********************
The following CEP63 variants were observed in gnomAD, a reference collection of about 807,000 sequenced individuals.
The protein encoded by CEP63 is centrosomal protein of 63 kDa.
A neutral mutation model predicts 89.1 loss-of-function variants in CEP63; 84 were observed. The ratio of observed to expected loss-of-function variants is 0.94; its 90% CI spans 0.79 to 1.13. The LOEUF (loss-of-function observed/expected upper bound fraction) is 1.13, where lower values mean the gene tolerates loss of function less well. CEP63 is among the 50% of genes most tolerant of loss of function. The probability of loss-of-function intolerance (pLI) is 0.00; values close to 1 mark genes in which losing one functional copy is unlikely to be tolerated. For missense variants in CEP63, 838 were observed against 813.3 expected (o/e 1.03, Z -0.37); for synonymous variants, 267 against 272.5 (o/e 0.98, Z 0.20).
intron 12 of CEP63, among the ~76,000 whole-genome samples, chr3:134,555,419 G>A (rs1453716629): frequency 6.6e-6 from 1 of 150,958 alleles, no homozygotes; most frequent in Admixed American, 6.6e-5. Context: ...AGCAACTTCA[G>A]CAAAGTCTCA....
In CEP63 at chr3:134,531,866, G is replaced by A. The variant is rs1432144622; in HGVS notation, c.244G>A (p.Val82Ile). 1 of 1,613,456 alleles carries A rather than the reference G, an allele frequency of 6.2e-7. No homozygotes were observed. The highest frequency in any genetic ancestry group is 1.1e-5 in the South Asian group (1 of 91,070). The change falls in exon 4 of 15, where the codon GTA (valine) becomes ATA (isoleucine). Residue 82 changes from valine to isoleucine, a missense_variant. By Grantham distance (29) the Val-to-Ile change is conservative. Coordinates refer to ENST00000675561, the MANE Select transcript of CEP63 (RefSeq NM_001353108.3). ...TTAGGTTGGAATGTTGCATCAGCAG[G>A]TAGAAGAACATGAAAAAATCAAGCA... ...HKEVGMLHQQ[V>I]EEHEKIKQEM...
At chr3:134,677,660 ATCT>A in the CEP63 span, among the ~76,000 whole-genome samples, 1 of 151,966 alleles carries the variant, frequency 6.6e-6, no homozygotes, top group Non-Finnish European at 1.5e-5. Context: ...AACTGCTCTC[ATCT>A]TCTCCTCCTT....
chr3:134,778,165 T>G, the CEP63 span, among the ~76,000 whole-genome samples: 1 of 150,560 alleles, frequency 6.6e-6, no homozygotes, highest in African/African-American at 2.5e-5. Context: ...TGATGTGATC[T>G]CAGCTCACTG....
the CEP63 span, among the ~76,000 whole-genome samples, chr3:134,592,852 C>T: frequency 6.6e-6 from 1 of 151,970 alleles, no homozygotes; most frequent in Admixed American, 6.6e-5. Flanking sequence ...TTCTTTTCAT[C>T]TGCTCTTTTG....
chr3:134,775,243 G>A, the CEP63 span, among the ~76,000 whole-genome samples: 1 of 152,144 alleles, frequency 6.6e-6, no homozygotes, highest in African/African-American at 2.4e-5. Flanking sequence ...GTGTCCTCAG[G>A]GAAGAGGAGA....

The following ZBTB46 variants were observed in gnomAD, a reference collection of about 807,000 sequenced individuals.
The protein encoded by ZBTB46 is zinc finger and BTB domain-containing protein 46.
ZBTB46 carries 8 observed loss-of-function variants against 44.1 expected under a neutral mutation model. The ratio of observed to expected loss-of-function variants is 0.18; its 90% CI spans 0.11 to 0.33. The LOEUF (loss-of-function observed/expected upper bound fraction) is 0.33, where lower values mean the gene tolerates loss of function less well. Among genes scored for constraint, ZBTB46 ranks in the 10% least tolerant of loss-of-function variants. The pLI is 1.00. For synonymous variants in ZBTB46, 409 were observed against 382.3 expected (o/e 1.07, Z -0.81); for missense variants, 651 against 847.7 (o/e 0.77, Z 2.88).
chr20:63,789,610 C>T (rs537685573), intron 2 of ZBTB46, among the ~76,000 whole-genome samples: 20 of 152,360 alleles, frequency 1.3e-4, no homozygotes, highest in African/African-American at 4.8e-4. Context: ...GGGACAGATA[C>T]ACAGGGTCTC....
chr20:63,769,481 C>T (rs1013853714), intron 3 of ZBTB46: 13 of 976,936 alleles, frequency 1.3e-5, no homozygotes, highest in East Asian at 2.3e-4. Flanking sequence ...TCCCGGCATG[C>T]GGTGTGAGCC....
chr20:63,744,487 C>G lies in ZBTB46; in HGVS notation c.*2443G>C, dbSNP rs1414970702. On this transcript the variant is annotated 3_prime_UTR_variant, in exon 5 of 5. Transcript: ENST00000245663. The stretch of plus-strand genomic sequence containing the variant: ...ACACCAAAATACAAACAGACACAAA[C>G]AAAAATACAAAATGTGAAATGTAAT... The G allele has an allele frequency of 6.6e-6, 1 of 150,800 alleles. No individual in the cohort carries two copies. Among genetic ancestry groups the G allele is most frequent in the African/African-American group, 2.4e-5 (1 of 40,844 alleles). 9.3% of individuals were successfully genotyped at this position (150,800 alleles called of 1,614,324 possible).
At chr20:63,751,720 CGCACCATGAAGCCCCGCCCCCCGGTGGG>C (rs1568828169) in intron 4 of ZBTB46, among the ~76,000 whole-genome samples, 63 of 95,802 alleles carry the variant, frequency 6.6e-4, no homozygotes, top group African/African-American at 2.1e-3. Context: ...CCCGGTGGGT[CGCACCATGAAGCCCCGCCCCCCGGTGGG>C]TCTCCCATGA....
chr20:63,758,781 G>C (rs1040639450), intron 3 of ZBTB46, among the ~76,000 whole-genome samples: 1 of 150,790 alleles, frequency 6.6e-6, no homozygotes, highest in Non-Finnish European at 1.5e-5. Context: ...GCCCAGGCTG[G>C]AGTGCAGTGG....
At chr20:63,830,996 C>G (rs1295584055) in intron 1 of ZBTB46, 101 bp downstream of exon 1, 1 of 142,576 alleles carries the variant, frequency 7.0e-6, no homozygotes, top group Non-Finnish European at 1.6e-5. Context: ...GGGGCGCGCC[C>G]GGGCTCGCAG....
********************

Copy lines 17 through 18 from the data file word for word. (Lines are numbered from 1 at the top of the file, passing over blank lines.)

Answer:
chr20:63,758,781 G>C (rs1040639450), intron 3 of ZBTB46, among the ~76,000 whole-genome samples: 1 of 150,790 alleles, frequency 6.6e-6, no homozygotes, highest in Non-Finnish European at 1.5e-5. Context: ...GCCCAGGCTG[G>C]AGTGCAGTGG....
At chr20:63,830,996 C>G (rs1295584055) in intron 1 of ZBTB46, 101 bp downstream of exon 1, 1 of 142,576 alleles carries the variant, frequency 7.0e-6, no homozygotes, top group Non-Finnish European at 1.6e-5. Context: ...GGGGCGCGCC[C>G]GGGCTCGCAG....